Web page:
SourceTrey Parker and Matt Stone, creator of South Park, said games like The Elder Scrolls 5: Skyrim, EarthBound, Paper Mario and The Legend of Zelda were key influencers in their decision to make South Park: The Stick of Truth. Drawing inspiration from those games, however, led to ambition that got the best of them.
"I really loved playing Skyrim, as many people did," Parker said during a Comic-Con panel today. After getting lost in the expansive world and huge cast of characters of Bethesda's game, "I was like 'Let's do this. This is easy.'"
That led to a script that Parker said ballooned to some 850 pages filled with "just about every character" and element from South Park. He said that when the South Park team and developers at Obsidian Entertainment tracked the release of the game based on Stone and Parker's ambitions, they were targeting "holiday season 2032," he joked.
Parker said they were urged to "cut it down, cut it down, cut it down," and that everyone kept saying to us [make that extra content] DLC" — drawing jeers from the crowd — "and I agree... fuck that."
"Somehow or another," Parker said of what was ultimately trimmed from The Stick of Truth, "this shit will get out there," perhaps in the form of a TV episode or multiple episodes.
"We did have this whole delusion of actually incorporating the game into the season," Parker said, but that sounds like a bitch. We really just wanted it to be that you could pick it up anywhere and it would kind of make sense."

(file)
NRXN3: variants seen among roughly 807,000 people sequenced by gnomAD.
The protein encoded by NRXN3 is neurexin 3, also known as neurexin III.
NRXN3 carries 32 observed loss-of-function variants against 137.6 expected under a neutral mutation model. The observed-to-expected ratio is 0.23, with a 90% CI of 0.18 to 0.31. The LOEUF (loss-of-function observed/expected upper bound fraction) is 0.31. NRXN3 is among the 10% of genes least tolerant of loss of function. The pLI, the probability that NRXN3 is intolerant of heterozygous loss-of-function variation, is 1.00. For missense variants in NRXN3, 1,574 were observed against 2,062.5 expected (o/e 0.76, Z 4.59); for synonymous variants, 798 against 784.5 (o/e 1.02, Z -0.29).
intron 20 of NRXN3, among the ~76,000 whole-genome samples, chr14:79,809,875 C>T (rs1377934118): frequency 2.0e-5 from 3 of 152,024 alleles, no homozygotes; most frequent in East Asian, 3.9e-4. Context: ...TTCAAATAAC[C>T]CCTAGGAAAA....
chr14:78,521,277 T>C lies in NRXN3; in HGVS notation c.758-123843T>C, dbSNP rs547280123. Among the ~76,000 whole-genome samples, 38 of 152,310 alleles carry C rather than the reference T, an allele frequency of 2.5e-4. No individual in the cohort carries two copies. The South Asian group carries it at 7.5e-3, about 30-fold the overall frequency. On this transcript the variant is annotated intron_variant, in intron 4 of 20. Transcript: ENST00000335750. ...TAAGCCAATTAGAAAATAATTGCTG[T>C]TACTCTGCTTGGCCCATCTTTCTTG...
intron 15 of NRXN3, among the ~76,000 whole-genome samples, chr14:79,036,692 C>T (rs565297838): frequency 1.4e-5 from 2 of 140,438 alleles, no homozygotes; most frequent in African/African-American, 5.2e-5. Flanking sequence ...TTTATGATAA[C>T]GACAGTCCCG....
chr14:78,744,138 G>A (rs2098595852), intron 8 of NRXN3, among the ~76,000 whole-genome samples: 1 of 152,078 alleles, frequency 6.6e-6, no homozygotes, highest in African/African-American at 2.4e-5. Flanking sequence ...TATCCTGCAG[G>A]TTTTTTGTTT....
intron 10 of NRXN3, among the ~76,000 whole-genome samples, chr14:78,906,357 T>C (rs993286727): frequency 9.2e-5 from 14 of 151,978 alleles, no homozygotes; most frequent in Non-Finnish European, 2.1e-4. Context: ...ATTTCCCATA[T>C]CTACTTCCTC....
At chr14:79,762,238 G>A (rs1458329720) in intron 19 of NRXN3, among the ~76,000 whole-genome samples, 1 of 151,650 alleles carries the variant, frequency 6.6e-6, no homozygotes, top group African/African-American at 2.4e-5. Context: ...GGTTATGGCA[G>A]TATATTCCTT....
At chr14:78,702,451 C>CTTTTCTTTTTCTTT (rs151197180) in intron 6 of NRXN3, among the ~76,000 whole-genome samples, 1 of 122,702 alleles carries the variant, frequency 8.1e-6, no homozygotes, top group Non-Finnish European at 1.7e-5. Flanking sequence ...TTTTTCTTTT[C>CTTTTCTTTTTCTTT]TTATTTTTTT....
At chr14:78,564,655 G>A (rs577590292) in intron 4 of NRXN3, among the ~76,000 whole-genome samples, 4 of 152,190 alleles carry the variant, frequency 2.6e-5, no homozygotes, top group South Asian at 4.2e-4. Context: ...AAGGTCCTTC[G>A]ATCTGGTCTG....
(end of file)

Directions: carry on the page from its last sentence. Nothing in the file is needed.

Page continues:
Stone said he and Parker had to find a balance of what South Park characters and gags to bring to the video game, asking themselves, "How much do you want to include new characters? And how much do we want to go back and honor the show? It's been impossible."
Parker and Stone repeatedly lamented the protracted development cycle of South Park: The Stick of Truth, calling it a six month-long Tuesday — referring to the frantic day before South Park the TV show airs, when the show's creators are still tweaking, writing and animating.
When a fan asked the duo how they felt as the game's original publisher, THQ, crumbled and whether they feared the game would be canceled, they joked they felt relieved, thinking, "Oh, good, it's over!"
"We really just read about it in the news," Parker said, "that they were going bankrupt, that someone else bought [the rights to] the game. Once we heard who had bought it, we got really excited. We flew up to [Ubisoft] and all that momentum picked up and we got really excited again."
When asked by another fan what games they loved to play, as both admitted to being fans of the medium (if not fans of previous South Park games), Parker initially said Crash Bandicoot 2. His slightly more serious answer, as it related to The Stick of Truth, was Nintendo's EarthBound.
"I love that feeling that EarthBound has," he said, of being "just a little kid in a big world" and playing in something larger.
I didn't care much about this game when it was announced, but since then i have started watching South Park again and i'm really looking forward to this one.
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South Park's creators explain how The Stick of Truth got too big for its own good
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